As predicted before the Bank Bailouts:
In an acceleration of a trend that has been underway since the early 1990s, the U.S. lost 932 financial institutions or nearly 13 percent of the total since the onset of the Great Recession, according to the latest data from the Federal Deposit Insurance Corporation. The vast majority of those closed institutions had less than $1 billion in assets. They were mostly locally-owned, community banks that were often the backbone of small business lending in their communities.
On the other end of the spectrum, the top 106 banking institutions – those with over $10 billion in assets – now hold nearly 80 percent of the nation’s $13.8 trillion in financial wealth. The 116 institutions that qualified as mega-banks in 2007 held just 77 percent of $12.7 trillion in assets. There’s no chance that the trend will reverse itself since there has been an almost total collapse of new applications for bank charters. In the past year there were even two quarters when there were zero applications – an unprecedented event in the 77-year history of the FDIC.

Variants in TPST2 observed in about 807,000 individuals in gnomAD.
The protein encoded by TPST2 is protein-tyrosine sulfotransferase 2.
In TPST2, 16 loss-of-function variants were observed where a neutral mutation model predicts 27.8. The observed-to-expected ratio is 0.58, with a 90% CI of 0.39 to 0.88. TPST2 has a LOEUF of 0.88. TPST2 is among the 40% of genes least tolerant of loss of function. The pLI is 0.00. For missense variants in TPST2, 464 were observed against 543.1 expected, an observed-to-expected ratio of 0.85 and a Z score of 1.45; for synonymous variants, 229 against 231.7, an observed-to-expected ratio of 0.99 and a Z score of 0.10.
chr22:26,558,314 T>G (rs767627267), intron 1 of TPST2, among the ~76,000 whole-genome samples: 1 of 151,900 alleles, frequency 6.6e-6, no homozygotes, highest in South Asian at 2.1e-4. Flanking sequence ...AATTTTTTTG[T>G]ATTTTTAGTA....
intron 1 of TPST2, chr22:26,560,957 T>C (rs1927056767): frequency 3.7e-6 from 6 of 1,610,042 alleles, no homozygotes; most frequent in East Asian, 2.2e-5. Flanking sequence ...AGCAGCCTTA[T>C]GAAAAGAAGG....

Real leadership would have sought to aggressively address the root cause by cutting back on further borrowing, unnecessary spending, easy credit and wasteful excesses. Congress deformed not just authentic prosperity in the near future but for the next fifty years. The market will be plagued with higher unemployment, rising costs of goods: long-term stagflation. In addition, Congress has directed us toward domination by a few huge universal banks and a small number of gigantic corporations, all of them “too big to fail,” under the careful tutelage of a governmental Leviathon dominated by these same cartels.